Michael spent the first half of his residency sliding between inputs with the digital production tools in 0429 and the second half turning pots and patching cables on the Sandin Image Processor. Conversations with Rebekkah Palov and Leslie Rollins late in the week helped Michael to see the two interfaces and their underlying process flow as different mental modes of mapping one’s intentions onto technological topologies. Framing his interactions with these interfaces in this way allowed Michael to see new paths forward within and beyond Michael’s usual work process with the equipment he had at hand.

“My intitial activity during the residency was to make audio recordings with one of my single pixel devices of two pieces of student work–the pulsing neon in Jacob Wilcox’s “Play or Get Played” and the the throbbing screens of “Sam Schulteis’s “Artificial Flesh”. This a Gieskes Scheme Mixer and rescanning the resulting image as displayed on a Dotronix CRT with multiple HD camcorders. The camcorders’ output was then mixed via the Blackmagic mixer, reunited with the original audio signal via the RME Fireface, and recorded to the Blackmagic mixing deck. From this I produced a 3-channel installation, tentatively titled “Slew?Sync:, and installed it in the Immersive Gallery.” – Michael N. Meyer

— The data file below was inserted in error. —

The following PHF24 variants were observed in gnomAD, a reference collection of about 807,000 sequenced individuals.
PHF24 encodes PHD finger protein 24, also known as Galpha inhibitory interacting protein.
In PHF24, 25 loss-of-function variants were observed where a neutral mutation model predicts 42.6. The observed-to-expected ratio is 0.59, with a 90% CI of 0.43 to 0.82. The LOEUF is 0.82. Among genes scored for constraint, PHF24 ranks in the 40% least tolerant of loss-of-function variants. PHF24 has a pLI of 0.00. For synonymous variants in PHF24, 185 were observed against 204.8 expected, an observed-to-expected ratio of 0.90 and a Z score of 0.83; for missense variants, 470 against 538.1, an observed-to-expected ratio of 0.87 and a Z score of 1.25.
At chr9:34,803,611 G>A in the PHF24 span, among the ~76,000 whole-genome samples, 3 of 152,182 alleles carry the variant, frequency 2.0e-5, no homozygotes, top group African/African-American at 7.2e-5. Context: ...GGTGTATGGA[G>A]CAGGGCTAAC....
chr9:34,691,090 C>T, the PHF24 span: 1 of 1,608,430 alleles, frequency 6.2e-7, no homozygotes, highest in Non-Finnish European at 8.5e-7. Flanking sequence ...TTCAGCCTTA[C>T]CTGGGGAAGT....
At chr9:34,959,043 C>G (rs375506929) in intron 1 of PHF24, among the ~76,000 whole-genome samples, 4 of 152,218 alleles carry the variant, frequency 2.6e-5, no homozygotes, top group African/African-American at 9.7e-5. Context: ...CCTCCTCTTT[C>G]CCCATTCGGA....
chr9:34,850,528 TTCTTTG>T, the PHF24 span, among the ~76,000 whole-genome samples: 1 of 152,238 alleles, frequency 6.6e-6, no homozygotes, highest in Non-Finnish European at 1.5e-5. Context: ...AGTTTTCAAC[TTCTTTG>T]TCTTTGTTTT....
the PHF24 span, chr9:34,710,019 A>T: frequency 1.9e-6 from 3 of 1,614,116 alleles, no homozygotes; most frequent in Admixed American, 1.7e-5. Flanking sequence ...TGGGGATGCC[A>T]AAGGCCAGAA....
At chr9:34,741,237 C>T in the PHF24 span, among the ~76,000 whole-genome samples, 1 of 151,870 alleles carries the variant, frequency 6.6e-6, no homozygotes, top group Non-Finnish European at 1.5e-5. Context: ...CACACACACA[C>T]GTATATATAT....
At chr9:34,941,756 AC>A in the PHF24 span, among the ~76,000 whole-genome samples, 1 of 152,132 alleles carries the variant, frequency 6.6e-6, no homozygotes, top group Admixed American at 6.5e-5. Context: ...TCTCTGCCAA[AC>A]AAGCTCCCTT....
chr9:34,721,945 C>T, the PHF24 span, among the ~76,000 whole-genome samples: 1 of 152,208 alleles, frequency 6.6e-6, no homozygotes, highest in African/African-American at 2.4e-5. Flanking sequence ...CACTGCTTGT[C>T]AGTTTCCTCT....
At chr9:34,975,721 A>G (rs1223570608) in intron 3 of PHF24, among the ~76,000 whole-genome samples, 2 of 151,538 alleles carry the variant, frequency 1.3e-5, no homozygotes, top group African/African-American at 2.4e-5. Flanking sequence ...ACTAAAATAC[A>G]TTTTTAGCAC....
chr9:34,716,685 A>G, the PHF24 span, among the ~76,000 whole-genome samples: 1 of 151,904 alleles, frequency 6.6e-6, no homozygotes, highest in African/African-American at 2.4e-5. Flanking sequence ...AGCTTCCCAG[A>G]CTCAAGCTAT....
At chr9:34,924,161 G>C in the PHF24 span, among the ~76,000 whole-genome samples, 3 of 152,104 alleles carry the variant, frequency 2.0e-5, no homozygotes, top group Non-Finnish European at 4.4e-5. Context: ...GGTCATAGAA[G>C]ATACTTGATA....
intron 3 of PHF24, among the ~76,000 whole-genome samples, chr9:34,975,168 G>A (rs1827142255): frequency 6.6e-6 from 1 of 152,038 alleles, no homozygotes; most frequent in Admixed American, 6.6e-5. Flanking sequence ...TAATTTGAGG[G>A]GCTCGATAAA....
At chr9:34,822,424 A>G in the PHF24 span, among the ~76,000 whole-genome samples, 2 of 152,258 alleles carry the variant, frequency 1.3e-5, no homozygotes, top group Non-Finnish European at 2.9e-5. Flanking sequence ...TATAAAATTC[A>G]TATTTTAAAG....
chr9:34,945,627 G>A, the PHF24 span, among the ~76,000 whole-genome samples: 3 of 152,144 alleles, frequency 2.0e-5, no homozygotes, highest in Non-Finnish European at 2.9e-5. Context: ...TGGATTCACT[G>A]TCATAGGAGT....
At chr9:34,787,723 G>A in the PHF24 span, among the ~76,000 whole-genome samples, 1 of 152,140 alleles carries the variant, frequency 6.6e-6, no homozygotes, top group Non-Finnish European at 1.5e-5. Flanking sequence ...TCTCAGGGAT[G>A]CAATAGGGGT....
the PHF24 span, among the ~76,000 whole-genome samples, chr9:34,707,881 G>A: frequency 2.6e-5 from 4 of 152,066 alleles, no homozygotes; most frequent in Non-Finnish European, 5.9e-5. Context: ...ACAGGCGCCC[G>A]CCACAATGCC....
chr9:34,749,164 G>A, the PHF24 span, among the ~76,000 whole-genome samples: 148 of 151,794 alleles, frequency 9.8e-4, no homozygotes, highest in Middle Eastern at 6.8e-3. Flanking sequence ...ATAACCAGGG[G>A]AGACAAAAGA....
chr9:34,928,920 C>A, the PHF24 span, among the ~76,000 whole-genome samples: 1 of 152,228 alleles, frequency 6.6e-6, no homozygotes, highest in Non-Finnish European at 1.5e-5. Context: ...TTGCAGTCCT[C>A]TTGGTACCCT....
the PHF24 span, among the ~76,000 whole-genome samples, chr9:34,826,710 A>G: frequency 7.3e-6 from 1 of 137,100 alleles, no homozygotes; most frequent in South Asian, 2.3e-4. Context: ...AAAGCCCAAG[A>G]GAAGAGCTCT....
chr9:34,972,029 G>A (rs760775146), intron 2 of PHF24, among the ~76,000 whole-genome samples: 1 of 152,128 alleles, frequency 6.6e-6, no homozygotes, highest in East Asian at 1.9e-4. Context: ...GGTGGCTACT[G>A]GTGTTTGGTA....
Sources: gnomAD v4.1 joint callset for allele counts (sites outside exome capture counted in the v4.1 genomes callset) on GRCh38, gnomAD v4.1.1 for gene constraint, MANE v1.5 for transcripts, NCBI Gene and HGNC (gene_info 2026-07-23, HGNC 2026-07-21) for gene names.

“The last two days of the residency I spent working with the Sandin Image Processor. As Rebekkah’s demonstration made apparent, two days would be far too short to become intimately familiar with the device’s full capabilities let alone master them, so I treated my engagement with the device as a form of concerted play. In this way I recorded several hours of output from the IP–both raw abstract synthesis and processed camera inputs. From the footage I expect to produce a ‘zine (printed on my Risograph machine) and a folio of prints (output method TBD).” – Michael N. Meyer

Recognizing that photographic systems skew image making towards their own ends, Michael N. Meyer stretches, tweaks and bends the fundamental functioning of photographic tools in order to examine how the design of these devices and processes create cascading cultural effects throughout social structures. His work has been exhibited internationally. In addition to his own art practice, Michael is a co-founder of the Spectacle Box collective and maintains a busy commercial photography studio. He lives and works in Brooklyn, NY.